Sergei S. Bryukhonenko
Sergei S. Bryukhonenko ( _ru. Сергей Сергеевич Брюхоненко, 1890–1960) was a Soviet scientist during the
Stalinist era. Bryukhonenko's research was vital to the development of open-heart procedures in Russia. He was one of the leaders of the Research Institute of Experimental Surgery, where Professor A. A. Vishnevsky performed the first Soviet open-heart operation in 1957.
Bryukhonenko is primarily remembered for his development of the autojektor, a primitive heart and lung machine. The device was used with mixed results in a series of experiments with canines during the late 1930's, which can be seen in the film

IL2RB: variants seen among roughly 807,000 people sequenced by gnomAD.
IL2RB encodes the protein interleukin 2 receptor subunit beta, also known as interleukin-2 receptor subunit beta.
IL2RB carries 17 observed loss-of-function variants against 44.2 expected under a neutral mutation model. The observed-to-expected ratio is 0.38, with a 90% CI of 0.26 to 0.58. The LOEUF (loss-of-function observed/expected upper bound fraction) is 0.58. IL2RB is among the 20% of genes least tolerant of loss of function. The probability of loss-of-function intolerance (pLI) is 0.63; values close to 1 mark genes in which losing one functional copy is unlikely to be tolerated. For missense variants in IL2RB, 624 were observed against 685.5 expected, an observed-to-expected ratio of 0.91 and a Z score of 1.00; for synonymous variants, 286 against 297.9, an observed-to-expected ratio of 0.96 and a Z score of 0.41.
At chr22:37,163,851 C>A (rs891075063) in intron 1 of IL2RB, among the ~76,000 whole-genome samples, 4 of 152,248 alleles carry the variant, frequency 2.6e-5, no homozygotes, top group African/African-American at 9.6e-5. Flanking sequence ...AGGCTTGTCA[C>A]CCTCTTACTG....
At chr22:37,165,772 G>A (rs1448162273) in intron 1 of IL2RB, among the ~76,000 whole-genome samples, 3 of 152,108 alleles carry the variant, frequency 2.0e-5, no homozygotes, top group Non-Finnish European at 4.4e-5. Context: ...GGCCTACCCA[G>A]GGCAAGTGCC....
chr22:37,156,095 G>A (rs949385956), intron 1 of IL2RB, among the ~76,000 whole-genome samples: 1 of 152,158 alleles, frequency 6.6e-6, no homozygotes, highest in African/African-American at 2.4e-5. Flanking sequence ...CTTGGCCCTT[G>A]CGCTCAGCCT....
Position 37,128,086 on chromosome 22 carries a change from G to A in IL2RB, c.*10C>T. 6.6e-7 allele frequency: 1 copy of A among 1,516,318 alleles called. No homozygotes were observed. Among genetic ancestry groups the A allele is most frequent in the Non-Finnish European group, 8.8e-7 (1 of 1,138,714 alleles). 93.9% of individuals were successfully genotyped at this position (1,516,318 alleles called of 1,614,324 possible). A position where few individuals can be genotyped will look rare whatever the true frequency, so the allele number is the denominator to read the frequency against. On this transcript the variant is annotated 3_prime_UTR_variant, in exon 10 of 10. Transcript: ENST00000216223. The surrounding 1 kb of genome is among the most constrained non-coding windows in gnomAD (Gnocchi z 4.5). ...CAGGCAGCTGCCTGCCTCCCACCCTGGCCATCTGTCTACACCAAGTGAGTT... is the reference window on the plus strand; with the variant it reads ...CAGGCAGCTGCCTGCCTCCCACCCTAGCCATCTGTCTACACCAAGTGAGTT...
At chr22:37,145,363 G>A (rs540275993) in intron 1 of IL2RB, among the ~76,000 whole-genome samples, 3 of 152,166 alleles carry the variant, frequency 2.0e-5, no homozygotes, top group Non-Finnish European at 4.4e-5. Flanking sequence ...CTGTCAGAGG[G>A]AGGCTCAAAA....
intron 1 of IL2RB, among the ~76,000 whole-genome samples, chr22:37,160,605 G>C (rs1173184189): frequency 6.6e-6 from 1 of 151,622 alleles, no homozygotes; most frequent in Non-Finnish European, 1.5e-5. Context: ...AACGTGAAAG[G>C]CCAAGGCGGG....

Experiments in the Revival of Organisms. While some today speculate that the film is a re-staging of the procedures, the experiments themselves were well documented, and resulted in Bryukhonenko being posthumously awarded the prestigious Lenin Prize.
Experiments in the Revival of Organisms
* [http://analytics.ex.ru/cgi-bin/txtnscr.pl?node=578&txt=460&lang=2&sh=1 Bryukhonenko excerpt from "The Golden Book of Russia. The Year 2000"]
* [http://www.archive.org/movies/details-db.php?collection=prelinger&collectionid=19635 Experiments in the Revival of Organisms at the Internet Archive] (
* [http://www.dgfkt.de/artikel/203/Pionier.htm Information and patents related to the autojektor]
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Experiments in the Revival of Organisms — is a 1940 motion picture which documents Soviet research into the resuscitation of clinically dead organisms (YouTube item cEcUTMpyRLY). It is available from the Prelinger Archives, where it is in the public domain. The British scientist J. B. S … Wikipedia